5 reasons why Africa hasn’t embraced social business software… yet


Africa’s adoption of social business software (SBS) has been at a much slower pace when compared to other continents. In fact, a recent visit to the US lifted the lid on a maturing market for SBS, a trend local businesses would do well to take note of. Enterprises across industries are using this approach to business supported by class software for high-impact engagement of various corporate audiences, unlocking huge value in doing so.

Whether they’re sourcing ideas, gathering market intelligence or managing company content, communication and collaboration, the upshot is very often, as it promises, increased productivity, efficiency and innovation.

No one knows the African market better than Africans. This is a great opportunity for local developers to introduce social business platforms that cater to our local needs like the prevalence of feature phones; and is a great platform for Africa to show the rest of the world, especially emerging countries, that we are capable of developing world class technology solutions suited for local consumption.

Not entirely held back by a lack of willingness to engage in social business, we are, as a continent, still restricted by a number of factors:

Lack of connectivity:

Behaving in a connected way requires a high value being placed on connectivity at all levels. Companies are still restrictive in their access rights to staff using bandwidth in the office, Wi-Fi is growing but is not freely available (accessible and free) and expensive cellular connectivity is most often a private expense and people are not willing to use their data bundles for work related communication.

Social business does not keep to office hours and we need to accept that the best idea might come from a dinner conversation, an insomniac moment, or a casual stroll — being able to capture the idea that instant, share it and invite people in to collaborate ensures a 24/7 innovation cycle that doesn’t keep office hours. Why would you want a lack of connectivity to get in the way?


Locally we still suffer from the traditional boss vs. worker mindset — and it is pervasive across industries. As a result, C-suite executives are more inclined to seek answers from external consultants and board meetings than they are from their employees. Hierarchies and divisions are clearly divided and siloed.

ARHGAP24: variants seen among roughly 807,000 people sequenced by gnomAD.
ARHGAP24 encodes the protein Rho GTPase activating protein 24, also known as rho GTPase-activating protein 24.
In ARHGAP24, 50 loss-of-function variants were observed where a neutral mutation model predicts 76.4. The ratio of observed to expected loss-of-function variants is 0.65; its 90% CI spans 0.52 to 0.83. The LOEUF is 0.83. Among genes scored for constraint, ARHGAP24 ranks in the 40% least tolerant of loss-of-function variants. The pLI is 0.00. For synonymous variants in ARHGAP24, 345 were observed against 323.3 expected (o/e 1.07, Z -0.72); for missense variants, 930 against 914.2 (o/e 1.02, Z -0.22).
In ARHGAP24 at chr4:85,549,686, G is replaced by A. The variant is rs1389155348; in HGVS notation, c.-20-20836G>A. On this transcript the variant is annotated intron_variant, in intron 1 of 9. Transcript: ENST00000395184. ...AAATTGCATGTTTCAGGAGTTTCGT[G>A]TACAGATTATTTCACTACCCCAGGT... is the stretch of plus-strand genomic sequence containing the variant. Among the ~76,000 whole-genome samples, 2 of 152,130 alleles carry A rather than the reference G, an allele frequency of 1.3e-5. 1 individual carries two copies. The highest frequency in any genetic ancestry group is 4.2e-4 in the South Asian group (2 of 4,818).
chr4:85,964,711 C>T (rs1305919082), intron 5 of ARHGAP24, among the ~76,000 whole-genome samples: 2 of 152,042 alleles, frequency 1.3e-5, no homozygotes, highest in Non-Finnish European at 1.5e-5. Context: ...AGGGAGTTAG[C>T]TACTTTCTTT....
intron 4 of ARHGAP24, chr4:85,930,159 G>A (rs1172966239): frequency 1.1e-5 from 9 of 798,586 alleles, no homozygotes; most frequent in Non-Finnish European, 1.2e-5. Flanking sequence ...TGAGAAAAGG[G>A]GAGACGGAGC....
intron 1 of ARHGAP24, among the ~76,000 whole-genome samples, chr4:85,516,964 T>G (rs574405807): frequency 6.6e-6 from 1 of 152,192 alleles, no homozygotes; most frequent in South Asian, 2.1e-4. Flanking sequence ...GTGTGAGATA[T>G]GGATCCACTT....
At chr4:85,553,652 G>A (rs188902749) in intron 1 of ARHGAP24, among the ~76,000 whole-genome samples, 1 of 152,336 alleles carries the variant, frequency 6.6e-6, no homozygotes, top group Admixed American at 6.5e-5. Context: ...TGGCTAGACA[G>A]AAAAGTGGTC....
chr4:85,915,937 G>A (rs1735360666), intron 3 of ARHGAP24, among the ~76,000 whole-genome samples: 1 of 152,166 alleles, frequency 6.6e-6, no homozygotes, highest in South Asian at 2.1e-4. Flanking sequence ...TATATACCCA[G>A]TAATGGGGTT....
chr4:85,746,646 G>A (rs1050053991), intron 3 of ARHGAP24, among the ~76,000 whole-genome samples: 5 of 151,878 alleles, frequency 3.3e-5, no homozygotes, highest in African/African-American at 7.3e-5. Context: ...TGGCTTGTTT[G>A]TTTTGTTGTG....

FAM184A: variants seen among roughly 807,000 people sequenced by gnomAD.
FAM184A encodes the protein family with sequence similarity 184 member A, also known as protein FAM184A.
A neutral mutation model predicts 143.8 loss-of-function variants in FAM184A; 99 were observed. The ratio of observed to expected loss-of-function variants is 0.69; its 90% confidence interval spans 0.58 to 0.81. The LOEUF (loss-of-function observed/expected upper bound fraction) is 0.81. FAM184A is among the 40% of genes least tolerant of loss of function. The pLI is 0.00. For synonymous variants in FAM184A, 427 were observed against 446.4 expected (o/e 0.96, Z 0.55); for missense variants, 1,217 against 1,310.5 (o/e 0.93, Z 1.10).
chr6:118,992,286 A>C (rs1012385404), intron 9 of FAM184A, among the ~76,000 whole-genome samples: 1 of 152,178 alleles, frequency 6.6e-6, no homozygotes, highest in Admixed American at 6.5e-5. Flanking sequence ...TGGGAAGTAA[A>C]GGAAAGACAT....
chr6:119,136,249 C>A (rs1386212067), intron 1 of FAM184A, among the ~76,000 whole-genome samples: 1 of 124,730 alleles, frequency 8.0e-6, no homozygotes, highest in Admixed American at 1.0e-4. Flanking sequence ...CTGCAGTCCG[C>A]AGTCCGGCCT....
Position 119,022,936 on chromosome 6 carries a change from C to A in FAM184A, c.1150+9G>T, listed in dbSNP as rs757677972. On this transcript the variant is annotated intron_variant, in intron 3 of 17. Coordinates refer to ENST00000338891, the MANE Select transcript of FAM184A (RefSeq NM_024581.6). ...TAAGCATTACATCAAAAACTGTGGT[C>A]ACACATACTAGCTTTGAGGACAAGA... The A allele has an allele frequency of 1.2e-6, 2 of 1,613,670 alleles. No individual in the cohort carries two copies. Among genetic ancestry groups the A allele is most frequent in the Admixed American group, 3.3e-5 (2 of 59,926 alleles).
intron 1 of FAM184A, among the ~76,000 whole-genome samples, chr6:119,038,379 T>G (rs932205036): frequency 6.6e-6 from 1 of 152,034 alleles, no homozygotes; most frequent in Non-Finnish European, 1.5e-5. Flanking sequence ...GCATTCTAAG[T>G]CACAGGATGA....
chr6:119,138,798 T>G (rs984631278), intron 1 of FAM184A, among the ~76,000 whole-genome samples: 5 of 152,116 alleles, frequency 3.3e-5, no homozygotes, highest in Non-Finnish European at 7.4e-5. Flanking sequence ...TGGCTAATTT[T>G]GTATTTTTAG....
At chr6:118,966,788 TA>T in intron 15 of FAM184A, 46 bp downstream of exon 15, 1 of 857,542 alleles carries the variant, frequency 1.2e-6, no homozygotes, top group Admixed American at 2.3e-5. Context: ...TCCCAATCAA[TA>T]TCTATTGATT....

Social business requires a shift in thinking to ‘we’re all in this together working towards common goals’. It is entirely possible that what the mobile technician is experiencing could radically change your customer service approach or technology strategy.

Lack of awareness:

Social Business is a relatively new concept in South Africa. And just when companies felt they were starting to understand social media (or avoid it due to lack of return) and how to remove social surfing from internal networks, something new comes along. Social business seems a step too far into the unknown. It’s feared that it will still hamper productivity according to a traditional structure of job descriptions, KPA’s, lunch hours and tea breaks.

Lack of local skills-:

-Specifically with regards to consulting and providing appropriate software tools to help companies through the process. Large global software companies have recently purchased collaboration tools and packaged them as part of their offering. However meaningful collaboration involves a change in management process. Having access to the tools does not guarantee usage and certainly not success. The older generations that still pervade companies today are largely resistant to trying new ways of operating.

Resource restrictions:

To do social business properly is going to take wide scale adoption from everyone in an organisation and probably needs a person to drive the social business strategy that delivers according to the company’s priorities and direction.

It’s an engine that needs constant fueling and a process to get the very best ideas out of the system and into action. It’s not yet clear where this position/responsibility fits within an organisation — is it social media, marketing, communication or tech — how high in the rank should it be? Companies are watching costs and headcount freezes or retrenchments make investment in new resources a limiting factor.

Gysbert Kappers


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